PROTIP: Press 'i' to view the image gallery, 'v' to view the video gallery, or 'r' to view a random entry.
The word “Lurker” as used to describe someone who reads a message board or newsgroup but rarely posts or contributes in any way, is believed to have originated in the mid 1980’s on BBS systems of the time. (see: Wikipedia)
According to a 2006 study by Catherine Ridings (Lehigh University), David Gefen (Drexel University), and Bay Arinze (Drexel University) entitled Psychological Barriers: Lurker and Poster Motivation and Behavior in Online Communities people may “lurk” due to a lack of trust for members of the community.
However, in many social communities, especially Anonymous ones such as 4Chan, the idea of trust is hardly a common value. Being that trolling is one of the most common activities practicied on 4Chan, all are advised to lurk before posting. When one fails to meet this requirement, they will often find their remarks met with the command, “Lurk Moar, newfag.”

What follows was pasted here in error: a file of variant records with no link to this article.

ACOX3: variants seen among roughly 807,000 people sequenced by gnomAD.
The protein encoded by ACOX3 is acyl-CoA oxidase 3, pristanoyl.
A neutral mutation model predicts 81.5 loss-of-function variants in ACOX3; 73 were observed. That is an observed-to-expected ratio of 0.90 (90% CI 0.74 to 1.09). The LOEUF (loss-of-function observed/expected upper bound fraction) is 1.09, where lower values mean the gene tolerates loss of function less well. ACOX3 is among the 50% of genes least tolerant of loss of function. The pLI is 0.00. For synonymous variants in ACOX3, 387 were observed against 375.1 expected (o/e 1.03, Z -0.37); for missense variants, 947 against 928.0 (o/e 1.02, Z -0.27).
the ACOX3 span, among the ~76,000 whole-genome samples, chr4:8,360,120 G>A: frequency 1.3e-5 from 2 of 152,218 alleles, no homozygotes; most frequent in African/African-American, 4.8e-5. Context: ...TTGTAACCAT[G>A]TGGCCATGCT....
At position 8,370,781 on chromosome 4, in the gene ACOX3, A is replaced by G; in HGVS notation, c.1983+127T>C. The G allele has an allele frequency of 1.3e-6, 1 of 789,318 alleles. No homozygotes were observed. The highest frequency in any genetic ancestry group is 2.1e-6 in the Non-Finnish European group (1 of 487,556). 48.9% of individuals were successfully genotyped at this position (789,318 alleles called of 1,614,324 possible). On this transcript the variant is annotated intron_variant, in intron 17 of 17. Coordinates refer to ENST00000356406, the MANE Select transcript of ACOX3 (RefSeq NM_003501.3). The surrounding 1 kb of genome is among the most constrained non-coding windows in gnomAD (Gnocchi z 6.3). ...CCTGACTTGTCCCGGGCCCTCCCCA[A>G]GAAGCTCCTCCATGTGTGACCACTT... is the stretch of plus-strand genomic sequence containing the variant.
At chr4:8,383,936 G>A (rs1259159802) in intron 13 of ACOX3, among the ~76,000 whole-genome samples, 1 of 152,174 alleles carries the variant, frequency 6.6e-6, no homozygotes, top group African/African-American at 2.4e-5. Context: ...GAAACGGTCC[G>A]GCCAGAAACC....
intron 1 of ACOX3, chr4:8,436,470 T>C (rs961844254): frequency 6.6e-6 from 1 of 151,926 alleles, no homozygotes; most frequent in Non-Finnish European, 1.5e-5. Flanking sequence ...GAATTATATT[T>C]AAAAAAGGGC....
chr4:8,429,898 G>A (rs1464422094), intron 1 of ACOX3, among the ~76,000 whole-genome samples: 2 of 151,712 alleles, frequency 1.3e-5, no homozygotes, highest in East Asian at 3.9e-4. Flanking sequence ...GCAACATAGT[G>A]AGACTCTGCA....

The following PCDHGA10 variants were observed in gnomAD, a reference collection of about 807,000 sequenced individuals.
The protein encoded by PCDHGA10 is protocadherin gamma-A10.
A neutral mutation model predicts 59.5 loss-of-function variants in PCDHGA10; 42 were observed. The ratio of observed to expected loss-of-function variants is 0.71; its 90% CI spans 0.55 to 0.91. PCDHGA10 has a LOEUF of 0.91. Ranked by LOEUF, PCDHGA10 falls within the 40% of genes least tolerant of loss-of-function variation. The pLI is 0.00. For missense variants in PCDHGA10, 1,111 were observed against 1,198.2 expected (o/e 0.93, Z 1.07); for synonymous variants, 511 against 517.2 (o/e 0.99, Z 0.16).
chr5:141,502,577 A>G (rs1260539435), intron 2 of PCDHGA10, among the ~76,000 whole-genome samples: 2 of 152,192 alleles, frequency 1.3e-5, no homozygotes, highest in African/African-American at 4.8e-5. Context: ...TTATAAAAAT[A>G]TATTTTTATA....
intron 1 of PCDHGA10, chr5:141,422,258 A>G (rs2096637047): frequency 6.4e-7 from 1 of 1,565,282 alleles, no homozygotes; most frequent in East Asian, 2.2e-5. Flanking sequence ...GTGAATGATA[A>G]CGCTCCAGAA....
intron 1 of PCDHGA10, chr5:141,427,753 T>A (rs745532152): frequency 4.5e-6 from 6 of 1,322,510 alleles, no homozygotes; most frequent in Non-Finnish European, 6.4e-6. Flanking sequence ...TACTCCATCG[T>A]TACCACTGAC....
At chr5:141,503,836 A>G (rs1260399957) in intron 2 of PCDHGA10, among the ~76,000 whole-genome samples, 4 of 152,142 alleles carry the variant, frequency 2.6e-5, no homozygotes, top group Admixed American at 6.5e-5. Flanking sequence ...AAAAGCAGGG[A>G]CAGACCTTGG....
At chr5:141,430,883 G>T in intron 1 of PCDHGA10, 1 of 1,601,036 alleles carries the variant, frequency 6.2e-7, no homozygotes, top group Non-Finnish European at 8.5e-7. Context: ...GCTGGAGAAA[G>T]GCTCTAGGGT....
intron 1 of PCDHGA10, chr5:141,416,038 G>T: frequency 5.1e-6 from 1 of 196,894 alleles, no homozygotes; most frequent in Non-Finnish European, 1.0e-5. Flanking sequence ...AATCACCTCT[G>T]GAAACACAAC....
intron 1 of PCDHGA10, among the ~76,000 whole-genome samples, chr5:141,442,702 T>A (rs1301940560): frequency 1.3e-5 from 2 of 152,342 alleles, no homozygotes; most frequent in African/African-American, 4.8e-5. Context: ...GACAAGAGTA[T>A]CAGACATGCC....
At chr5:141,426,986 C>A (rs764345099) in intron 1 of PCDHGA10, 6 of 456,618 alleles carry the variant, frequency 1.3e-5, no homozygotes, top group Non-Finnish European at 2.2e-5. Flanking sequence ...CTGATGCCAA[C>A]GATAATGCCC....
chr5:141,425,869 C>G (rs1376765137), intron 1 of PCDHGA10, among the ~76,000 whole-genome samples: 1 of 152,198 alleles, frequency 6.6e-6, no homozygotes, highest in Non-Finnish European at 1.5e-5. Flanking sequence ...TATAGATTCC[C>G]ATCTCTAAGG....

By engaging in observation before posting, one can begin to assess the culture, etiquette, and values of the community.
Lurk More / Moar
“Rule 33. Lurk moar -- it’s never enough.”
- The “Rules” of the Internet
“Moar” is lolspeak for “more” and is a portmanteau of the words “More” and “Roar.” (see: Urban Dictionary) A heightened level of enthuiasm or stressed importance can be inferred from usage of “Moar” as opposed to “more.”
An increase in “Moar” Google queries is congruent with the peak of Caturday’s popularity in the Spring of 2007.
There are no videos currently available.